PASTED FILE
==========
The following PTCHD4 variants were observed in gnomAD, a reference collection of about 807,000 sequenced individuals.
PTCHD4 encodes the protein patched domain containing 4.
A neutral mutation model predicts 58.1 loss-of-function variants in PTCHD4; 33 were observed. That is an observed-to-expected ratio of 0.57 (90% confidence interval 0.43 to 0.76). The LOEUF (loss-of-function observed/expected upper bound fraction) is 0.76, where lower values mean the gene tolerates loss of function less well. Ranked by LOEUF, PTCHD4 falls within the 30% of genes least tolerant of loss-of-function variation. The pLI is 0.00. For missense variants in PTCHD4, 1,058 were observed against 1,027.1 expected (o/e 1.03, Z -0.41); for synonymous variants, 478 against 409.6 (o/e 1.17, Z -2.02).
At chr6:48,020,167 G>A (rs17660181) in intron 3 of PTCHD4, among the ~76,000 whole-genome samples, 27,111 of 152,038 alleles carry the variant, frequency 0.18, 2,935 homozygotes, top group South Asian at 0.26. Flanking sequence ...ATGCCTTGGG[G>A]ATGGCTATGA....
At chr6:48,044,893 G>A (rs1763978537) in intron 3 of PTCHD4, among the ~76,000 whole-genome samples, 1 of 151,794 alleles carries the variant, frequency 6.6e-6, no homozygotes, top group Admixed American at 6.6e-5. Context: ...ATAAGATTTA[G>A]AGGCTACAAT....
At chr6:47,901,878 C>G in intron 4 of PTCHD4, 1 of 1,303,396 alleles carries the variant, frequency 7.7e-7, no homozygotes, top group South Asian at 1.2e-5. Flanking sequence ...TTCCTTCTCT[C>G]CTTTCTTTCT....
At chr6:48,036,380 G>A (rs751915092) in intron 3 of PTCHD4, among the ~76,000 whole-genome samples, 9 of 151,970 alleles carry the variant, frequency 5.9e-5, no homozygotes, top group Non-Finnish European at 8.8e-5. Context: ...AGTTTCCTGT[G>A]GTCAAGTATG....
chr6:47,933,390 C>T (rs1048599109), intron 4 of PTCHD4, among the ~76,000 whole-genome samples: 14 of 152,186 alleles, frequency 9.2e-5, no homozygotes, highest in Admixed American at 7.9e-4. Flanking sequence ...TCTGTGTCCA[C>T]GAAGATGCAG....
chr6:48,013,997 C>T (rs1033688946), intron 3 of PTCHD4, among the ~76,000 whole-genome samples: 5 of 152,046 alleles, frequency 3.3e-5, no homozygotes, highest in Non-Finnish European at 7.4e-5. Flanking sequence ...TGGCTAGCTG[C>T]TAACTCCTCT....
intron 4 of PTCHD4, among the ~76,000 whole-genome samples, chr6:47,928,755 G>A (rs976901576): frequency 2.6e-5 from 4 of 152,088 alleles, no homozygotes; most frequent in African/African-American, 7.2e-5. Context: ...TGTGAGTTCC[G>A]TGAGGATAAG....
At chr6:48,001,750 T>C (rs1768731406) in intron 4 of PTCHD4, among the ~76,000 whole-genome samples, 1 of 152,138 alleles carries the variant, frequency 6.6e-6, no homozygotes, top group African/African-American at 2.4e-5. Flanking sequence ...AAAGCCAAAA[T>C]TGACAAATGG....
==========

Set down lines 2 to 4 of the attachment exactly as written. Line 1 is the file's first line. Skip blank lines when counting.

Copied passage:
PTCHD4 encodes the protein patched domain containing 4.
A neutral mutation model predicts 58.1 loss-of-function variants in PTCHD4; 33 were observed. That is an observed-to-expected ratio of 0.57 (90% confidence interval 0.43 to 0.76). The LOEUF (loss-of-function observed/expected upper bound fraction) is 0.76, where lower values mean the gene tolerates loss of function less well. Ranked by LOEUF, PTCHD4 falls within the 30% of genes least tolerant of loss-of-function variation. The pLI is 0.00. For missense variants in PTCHD4, 1,058 were observed against 1,027.1 expected (o/e 1.03, Z -0.41); for synonymous variants, 478 against 409.6 (o/e 1.17, Z -2.02).
At chr6:48,020,167 G>A (rs17660181) in intron 3 of PTCHD4, among the ~76,000 whole-genome samples, 27,111 of 152,038 alleles carry the variant, frequency 0.18, 2,935 homozygotes, top group South Asian at 0.26. Flanking sequence ...ATGCCTTGGG[G>A]ATGGCTATGA....